Eurobites: BT dips into remote water-quality monitoring

Also in today's EMEA regional roundup: Telia Denmark wins network test, Nokia takes the credit; Mobily applies Ericsson's AI; TIM clarifies KKR bid terms.

  • At a time when the failings of the UK's water industry are front-page news, BT is trumpeting what sounds like a rare success story in the sector: its partnership with a utility firm that sees the telco provide the connectivity for remote monitoring of water quality. A new 4G mast installed in the rural region of Nidderdale, in Yorkshire, allows data generated by smart sensor technology installed on the various water courses feeding the Scar House reservoir to be transmitted to Yorkshire Water, whose boffins can then use the information to choose the best available water sources with which to feed the reservoir. The better the water quality at its source, the less energy it takes to process at the treatment works, helping to reduce Yorkshire Water's carbon footprint.

    Scar House reservoir in Nidderdale, Yorkshire: BT's connectivity is helping to keep it clean. (Source: BT)
    Scar House reservoir in Nidderdale, Yorkshire: BT's connectivity is helping to keep it clean.
    (Source: BT)

  • Telia Denmark has been rated the number one operator for network performance in the country following tests carried out by Umlaut. And taking much of the credit for this is Nokia, which provided Telia Denmark with products from its 5G Airscale range as well as core network and managed operations support. Nokia is the exclusive supplier of 5G RAN (radio access network) to TTN, the joint network of Telenor and Telia in Denmark, covering more than 4,300 sites and serving over 3 million subscribers nationwide.

  • Saudi Arabia's Mobily has deployed artificial intelligence and machine learning technology from Ericsson to improve its network performance. According to Ericsson's Ekow Nelson, the technology can "learn from the live network using the multiple sources of data to deliver near real-time improvements, thus avoiding interruptions during critical and peak times."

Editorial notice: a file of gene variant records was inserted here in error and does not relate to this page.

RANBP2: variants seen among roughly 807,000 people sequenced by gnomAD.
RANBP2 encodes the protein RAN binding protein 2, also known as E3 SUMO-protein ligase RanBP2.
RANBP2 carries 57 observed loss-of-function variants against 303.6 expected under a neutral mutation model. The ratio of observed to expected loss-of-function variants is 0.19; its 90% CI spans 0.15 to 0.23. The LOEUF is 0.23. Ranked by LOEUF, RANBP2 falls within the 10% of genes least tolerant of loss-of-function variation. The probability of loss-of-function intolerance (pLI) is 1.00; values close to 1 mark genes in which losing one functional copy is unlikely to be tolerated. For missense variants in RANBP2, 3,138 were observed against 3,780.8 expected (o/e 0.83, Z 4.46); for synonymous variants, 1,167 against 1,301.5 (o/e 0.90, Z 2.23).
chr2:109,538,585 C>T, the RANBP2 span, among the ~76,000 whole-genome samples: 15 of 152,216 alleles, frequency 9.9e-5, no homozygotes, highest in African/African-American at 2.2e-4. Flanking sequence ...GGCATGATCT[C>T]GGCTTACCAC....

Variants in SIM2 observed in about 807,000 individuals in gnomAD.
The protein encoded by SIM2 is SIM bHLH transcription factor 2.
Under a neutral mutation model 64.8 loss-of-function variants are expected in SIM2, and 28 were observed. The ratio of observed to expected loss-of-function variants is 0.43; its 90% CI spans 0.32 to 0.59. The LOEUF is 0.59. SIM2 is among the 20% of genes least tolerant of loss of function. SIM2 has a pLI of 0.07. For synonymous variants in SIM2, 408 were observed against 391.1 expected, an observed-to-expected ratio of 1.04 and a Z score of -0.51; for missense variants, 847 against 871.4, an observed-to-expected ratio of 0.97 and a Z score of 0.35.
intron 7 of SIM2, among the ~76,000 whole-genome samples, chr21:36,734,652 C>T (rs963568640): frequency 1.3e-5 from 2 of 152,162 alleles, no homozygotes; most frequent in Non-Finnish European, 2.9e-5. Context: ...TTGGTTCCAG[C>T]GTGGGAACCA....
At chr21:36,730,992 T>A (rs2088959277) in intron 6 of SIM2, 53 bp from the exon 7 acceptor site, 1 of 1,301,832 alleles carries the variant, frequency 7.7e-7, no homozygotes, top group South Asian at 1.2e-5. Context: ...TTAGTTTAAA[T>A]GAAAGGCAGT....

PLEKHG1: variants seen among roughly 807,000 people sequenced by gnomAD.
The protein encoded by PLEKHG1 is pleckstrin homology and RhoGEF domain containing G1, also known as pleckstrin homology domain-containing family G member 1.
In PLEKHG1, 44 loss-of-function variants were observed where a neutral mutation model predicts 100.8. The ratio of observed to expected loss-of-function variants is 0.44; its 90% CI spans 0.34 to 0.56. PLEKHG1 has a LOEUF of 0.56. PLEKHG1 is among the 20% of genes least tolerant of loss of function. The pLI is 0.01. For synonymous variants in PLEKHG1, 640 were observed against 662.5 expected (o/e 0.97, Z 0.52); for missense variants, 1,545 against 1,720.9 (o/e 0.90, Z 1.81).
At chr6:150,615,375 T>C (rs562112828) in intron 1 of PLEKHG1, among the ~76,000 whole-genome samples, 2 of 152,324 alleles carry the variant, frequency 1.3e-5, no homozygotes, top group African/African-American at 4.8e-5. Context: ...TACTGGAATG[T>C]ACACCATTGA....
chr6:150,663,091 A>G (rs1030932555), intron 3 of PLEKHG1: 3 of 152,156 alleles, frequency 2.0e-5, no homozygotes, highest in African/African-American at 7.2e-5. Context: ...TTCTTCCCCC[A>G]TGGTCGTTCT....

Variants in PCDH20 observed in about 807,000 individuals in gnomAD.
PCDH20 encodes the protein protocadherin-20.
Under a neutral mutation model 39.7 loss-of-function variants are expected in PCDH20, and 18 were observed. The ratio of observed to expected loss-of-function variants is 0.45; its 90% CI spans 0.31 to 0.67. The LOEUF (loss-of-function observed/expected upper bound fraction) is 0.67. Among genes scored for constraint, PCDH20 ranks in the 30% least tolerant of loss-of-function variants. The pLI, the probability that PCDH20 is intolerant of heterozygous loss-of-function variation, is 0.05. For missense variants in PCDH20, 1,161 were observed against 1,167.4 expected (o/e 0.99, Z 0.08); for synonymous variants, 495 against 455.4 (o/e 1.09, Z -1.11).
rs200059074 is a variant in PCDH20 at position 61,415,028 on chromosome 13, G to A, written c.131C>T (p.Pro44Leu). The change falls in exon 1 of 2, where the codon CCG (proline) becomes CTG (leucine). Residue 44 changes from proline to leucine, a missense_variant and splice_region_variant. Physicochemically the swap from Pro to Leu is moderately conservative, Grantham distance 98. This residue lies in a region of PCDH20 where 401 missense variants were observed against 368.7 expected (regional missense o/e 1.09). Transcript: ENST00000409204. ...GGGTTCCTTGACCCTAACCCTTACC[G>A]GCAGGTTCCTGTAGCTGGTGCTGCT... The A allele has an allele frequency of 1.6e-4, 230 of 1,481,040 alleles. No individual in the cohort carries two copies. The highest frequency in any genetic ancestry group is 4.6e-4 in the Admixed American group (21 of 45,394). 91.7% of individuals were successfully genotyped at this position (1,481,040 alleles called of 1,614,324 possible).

• Telecom Italia (TIM) has issued a clarification on the non-binding offer submitted by investment firm KKR for its fixed infrastructure, spelling out that KKR's offer has a duration of four weeks from the date it was sent (February 1). TIM's board is due to meet on February 24 to discuss the matter, though the operator is keen to make it clear that it is ready to consider other options. (See Eurobites: TIM/KKR deal off – for now.)

  • Fintech company Mama Money has joined forces with TNM, a mobile money operator in Malawi, to make money transfers easier. The partnership is intended to allow Mama Money customers to send money to any TNM Mpamba account for cash collection at over 40,000 locations across Malawi, with no "cashout" fee for the recipient.

  • YouFibre, a UK broadband provider, has upgraded its network capacity in the northeast of England from 100G to 400G using muxes, amplifiers and transceivers from Norway's Smartoptics.

  • A1 Telekom Austria's current chief financial officer, Siegfried Mayrhofer, is to leave the company at the end of August, when his management board contract expires. The departure is at his own request.

    — Paul Rainford, Assistant Editor, Europe, Light Reading

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